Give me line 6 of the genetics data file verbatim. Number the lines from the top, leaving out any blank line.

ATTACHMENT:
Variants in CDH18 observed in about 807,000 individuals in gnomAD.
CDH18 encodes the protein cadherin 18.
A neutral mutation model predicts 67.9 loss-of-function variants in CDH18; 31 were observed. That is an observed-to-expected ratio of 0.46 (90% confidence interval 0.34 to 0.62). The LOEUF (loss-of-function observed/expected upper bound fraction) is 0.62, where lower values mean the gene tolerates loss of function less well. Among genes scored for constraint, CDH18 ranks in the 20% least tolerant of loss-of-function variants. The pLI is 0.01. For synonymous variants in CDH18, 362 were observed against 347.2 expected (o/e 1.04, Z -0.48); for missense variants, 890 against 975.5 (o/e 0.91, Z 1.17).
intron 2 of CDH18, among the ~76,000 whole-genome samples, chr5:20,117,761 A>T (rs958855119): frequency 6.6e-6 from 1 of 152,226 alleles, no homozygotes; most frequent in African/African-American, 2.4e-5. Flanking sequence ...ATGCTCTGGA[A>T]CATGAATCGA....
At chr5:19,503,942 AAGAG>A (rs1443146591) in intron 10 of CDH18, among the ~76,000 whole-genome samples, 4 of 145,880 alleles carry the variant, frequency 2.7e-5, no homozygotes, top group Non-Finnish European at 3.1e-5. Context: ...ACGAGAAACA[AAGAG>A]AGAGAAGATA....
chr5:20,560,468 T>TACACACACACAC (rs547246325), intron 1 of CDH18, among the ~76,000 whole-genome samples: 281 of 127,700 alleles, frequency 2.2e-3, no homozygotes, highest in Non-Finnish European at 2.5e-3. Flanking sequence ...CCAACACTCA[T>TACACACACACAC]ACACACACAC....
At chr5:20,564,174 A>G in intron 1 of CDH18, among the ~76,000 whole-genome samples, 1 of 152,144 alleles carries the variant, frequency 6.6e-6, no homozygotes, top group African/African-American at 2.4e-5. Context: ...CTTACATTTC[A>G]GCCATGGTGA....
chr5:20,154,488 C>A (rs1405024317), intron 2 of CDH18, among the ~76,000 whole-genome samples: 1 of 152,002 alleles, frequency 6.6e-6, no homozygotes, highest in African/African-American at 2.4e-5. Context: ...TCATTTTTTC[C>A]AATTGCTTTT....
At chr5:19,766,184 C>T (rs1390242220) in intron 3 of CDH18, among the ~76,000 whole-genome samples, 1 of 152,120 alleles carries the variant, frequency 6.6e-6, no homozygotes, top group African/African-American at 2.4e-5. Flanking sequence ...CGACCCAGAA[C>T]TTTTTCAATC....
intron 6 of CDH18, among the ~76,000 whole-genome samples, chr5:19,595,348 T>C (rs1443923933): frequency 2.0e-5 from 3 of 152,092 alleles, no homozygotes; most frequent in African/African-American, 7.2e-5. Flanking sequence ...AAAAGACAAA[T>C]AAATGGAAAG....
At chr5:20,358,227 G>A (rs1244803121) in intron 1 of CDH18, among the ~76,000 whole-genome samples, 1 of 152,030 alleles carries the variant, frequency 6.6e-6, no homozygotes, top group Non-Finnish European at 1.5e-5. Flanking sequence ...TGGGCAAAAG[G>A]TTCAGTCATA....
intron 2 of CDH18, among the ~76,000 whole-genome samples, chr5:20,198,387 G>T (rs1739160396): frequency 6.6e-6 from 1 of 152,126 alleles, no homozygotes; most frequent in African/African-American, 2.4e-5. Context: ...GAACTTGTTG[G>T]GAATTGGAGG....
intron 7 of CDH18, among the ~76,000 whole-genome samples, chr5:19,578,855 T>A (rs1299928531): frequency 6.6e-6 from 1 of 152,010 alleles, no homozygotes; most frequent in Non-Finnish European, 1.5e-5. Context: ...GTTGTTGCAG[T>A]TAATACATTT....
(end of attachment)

chr5:20,560,468 T>TACACACACACAC (rs547246325), intron 1 of CDH18, among the ~76,000 whole-genome samples: 281 of 127,700 alleles, frequency 2.2e-3, no homozygotes, highest in Non-Finnish European at 2.5e-3. Flanking sequence ...CCAACACTCA[T>TACACACACACAC]ACACACACAC....